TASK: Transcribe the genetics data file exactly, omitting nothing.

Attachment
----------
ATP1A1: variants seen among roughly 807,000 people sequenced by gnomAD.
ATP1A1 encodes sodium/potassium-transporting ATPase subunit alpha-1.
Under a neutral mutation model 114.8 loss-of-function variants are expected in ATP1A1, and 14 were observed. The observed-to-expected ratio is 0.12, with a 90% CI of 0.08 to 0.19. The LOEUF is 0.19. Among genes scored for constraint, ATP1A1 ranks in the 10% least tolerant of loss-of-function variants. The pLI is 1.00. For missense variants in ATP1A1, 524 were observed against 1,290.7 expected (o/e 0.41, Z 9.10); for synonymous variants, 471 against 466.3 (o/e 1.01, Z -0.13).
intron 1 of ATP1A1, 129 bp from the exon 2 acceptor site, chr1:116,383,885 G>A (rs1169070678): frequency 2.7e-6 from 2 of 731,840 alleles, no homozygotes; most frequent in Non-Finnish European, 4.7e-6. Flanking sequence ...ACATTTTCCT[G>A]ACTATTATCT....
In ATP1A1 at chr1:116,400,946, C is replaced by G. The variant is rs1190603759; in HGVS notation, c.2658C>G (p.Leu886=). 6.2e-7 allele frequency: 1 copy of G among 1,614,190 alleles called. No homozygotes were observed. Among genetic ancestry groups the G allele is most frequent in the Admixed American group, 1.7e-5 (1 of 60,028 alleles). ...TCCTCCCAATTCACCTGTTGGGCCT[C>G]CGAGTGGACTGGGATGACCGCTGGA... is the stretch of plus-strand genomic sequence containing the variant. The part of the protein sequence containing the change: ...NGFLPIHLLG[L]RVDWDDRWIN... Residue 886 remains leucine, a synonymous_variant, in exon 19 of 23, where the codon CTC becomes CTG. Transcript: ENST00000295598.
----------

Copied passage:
ATP1A1: variants seen among roughly 807,000 people sequenced by gnomAD.
ATP1A1 encodes sodium/potassium-transporting ATPase subunit alpha-1.
Under a neutral mutation model 114.8 loss-of-function variants are expected in ATP1A1, and 14 were observed. The observed-to-expected ratio is 0.12, with a 90% CI of 0.08 to 0.19. The LOEUF is 0.19. Among genes scored for constraint, ATP1A1 ranks in the 10% least tolerant of loss-of-function variants. The pLI is 1.00. For missense variants in ATP1A1, 524 were observed against 1,290.7 expected (o/e 0.41, Z 9.10); for synonymous variants, 471 against 466.3 (o/e 1.01, Z -0.13).
intron 1 of ATP1A1, 129 bp from the exon 2 acceptor site, chr1:116,383,885 G>A (rs1169070678): frequency 2.7e-6 from 2 of 731,840 alleles, no homozygotes; most frequent in Non-Finnish European, 4.7e-6. Flanking sequence ...ACATTTTCCT[G>A]ACTATTATCT....
In ATP1A1 at chr1:116,400,946, C is replaced by G. The variant is rs1190603759; in HGVS notation, c.2658C>G (p.Leu886=). 6.2e-7 allele frequency: 1 copy of G among 1,614,190 alleles called. No homozygotes were observed. Among genetic ancestry groups the G allele is most frequent in the Admixed American group, 1.7e-5 (1 of 60,028 alleles). ...TCCTCCCAATTCACCTGTTGGGCCT[C>G]CGAGTGGACTGGGATGACCGCTGGA... is the stretch of plus-strand genomic sequence containing the variant. The part of the protein sequence containing the change: ...NGFLPIHLLG[L]RVDWDDRWIN... Residue 886 remains leucine, a synonymous_variant, in exon 19 of 23, where the codon CTC becomes CTG. Transcript: ENST00000295598.